Why Guns Are Not a Good Investment

by James & Miel on April 13, 2007 · 14 comments

As you probably know, Americans love guns. Since the dawn of our country firearms have played prominent roles in politics and society. Currently half of American households own a gun and many others advocate the rights of the individual to bear arms*. While firearms are a hugely controversial political and social issue, the focus of this posting is purely on the impact of firearms ownership for personal finance. From a strictly monetary standpoint, firearms are NOT a good pecuniary investment.

Guns are financial liabilities. By this, I mean two things. First, guns often depreciate in value after they are bought. Second, owning a gun often obligates one to purchase a number of other things as well. For example, if you own a firearm, you might need to pay for:

1) Higher insurance premiums
2) Costs for ammunition and accessories
3) Costs for security
4) Fees or expenditures for target shooting

Some of these expenditures can be quite hefty. For example, a large gun safe can cost several hundred dollars. The cost of even a modest amount of ammunition can run upwards of $50 or more.

Generally speaking, if you are interested in building wealth, you should be putting your money into investments that will improve your financial bottom line, NOT buying guns or other depreciating assets.

Best,

James

*Click here for more from wikipedia.



{ 14 comments… read them below or add one }

1 Craig May 16, 2010 at 7:55 pm

Dear James and Miel,
That was one of the weakest pieces of writing that I have ever experienced.
In your next attempt try some research, like checking some firearm prices from 10 years ago.
Mabey attending a gun show might help to educate you about gun values past and present.
Thanks; Craig

2 James May 17, 2010 at 12:29 am

Hi Craig,

This is James here. If you want to buy a gun, do it as a expression of freedom or for your own self defense. Don’t do it for investing purposes. In addition to the above there frankly isn’t enough data on the investment performance of firearms ownership relative to stocks, bonds, precious metals, real estate, etc etc to make a really informed decision.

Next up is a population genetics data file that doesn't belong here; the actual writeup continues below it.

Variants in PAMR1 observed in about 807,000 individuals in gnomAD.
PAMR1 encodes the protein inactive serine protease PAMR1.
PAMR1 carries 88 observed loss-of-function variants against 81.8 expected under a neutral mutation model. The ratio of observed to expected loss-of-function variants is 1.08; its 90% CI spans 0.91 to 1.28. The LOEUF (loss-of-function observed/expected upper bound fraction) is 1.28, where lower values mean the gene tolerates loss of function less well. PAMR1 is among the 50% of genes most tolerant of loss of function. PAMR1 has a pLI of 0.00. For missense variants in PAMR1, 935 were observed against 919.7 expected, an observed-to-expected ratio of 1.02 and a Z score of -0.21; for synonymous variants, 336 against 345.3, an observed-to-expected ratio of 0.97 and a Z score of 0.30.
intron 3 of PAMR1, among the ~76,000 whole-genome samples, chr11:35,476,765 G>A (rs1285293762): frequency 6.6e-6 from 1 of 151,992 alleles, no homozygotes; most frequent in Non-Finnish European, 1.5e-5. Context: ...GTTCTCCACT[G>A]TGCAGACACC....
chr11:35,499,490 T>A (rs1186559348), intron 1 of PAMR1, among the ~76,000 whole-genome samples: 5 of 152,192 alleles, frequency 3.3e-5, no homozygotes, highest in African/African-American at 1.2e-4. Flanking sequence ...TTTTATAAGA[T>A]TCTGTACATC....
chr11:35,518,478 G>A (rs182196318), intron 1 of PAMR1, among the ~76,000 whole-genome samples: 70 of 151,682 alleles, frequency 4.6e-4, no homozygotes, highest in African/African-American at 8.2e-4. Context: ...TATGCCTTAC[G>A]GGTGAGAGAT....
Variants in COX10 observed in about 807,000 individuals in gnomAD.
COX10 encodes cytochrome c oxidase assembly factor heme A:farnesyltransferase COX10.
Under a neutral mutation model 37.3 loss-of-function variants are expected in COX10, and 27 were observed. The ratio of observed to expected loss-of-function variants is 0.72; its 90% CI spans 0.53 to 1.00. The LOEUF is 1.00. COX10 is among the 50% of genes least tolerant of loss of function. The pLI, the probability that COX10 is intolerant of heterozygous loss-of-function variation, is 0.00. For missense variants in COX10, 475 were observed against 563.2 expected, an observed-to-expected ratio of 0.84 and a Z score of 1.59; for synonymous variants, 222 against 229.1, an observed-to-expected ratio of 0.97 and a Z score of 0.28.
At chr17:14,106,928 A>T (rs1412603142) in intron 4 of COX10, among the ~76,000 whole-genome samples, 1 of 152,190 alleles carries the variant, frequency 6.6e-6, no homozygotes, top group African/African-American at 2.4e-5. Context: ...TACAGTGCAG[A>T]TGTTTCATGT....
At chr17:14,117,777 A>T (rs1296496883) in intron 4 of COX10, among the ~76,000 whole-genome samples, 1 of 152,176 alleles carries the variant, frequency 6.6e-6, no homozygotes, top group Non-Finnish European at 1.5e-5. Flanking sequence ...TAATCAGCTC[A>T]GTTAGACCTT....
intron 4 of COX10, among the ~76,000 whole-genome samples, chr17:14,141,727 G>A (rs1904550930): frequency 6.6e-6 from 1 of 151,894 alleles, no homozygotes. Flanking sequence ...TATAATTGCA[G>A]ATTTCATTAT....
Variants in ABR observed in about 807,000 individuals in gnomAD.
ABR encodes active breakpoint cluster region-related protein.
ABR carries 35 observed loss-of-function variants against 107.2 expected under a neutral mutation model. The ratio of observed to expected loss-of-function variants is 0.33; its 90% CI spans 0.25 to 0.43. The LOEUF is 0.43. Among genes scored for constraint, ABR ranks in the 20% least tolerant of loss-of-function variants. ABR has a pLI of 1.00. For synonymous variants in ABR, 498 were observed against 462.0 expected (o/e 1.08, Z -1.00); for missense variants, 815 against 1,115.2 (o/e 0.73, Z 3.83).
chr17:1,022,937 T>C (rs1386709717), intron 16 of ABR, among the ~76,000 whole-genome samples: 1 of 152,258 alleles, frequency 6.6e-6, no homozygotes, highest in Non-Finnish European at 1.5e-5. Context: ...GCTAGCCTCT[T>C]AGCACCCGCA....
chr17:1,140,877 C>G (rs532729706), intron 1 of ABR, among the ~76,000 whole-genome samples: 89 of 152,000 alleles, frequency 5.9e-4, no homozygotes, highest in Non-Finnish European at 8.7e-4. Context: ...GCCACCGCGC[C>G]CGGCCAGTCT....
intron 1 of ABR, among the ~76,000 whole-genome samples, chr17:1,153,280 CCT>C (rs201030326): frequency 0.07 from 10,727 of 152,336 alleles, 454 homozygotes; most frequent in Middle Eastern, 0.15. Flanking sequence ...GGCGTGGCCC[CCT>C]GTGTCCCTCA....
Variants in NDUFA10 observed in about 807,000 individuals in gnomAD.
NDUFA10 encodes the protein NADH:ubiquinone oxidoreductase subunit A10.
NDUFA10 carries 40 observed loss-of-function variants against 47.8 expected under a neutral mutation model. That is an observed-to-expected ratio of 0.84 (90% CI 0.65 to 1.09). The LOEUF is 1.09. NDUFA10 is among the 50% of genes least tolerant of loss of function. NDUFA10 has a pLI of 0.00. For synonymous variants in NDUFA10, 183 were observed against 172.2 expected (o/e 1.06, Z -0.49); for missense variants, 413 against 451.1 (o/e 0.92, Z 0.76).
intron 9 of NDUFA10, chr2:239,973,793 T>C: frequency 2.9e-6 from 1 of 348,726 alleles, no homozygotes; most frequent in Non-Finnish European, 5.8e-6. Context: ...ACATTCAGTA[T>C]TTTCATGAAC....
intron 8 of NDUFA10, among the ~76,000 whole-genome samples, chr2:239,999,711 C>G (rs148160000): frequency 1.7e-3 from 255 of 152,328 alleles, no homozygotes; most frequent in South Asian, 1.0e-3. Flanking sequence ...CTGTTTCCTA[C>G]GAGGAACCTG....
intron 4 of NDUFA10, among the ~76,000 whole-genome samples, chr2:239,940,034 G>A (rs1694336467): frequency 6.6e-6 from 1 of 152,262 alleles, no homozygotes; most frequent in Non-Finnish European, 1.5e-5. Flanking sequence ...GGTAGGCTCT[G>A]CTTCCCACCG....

Best,

James

3 Erik May 28, 2010 at 4:52 pm

LOL I just found this article from 2007. Hilarious comedy and proven as absolute fiction!!! Every theory the author claims has been resoundingly disproven by economics in just two years. If you track back 10 years, it gets even worse for the author’s ideas. Since 2007 stocks and real estate have taken a dive, yet ammunition and firearms are at an all time high. Bulk ammunition can also be a solid investment. The author does not mention this.

The author tries to cloud the investment potential by saying an owner must buy ammunition, range time, and targets. This is false. If the gun is being used for an investment, you do not have to shoot it. You can shoot it, but the ammunition spent was on recreation. The logic he stated is akin to buying gold, spending some on recreation, and then saying it is worth less money.

Deprecation on a new or unused gun is false. In fact, older collectable firearms NIB are worth many times their original price even accounting for inflation. Used guns can be just as solid of an investment. I am not sure which homeowner’s insurance company quoted the author, but insurance premiums are not necessarily affected by firearms.

A safe may cost hundreds of dollars if you choose to go that route, but so will an investment broker, stock trade fees, and the lower yields one will see compared with more traditional investments. No investment is free.

However just like any other investment field, firearms and ammunition will require the investor to learn enough about the market trends and values to make an informed decision. Some guns will just hold value. Some will appreciate. It is just like playing stocks, except they rarely if ever lose money.

If confuse personal politics and personal economics, this may not be a good investment for you. If you can use google and see the always consistently increasing prices of firearms, and you like making money doing nothing, this may be a solid edition to your portfolio.

Edit: The comment, ‘there isn’t enough data on the investment performance of firearms’ made me laugh too. 600 years or so of the rising value of firearms is not enough data? That is a remarkably conservative investment strategy.

No offence to the author, but write about what you know. This comedy made my weekend!

4 scott October 18, 2010 at 11:44 pm

No kidding, James. You sound like some of the if’s that write comments on gun blogs about guns they have never held, much less fired in a controlled situation. I have owned and have sold guns for a local gun retailer since the mid-sixties. A new Remington 700 BDL or Winchcester Model 70 with a Redfield, Weaver, or Leupold scope went for $139 and a box of ammo- REM or WW went for $2.29. The same today is TEN TIMES that amount. Try the math there, mr. financial wizard. Ball ammo was ONE PENNY a round then. Try fify cents or more now — in bulk.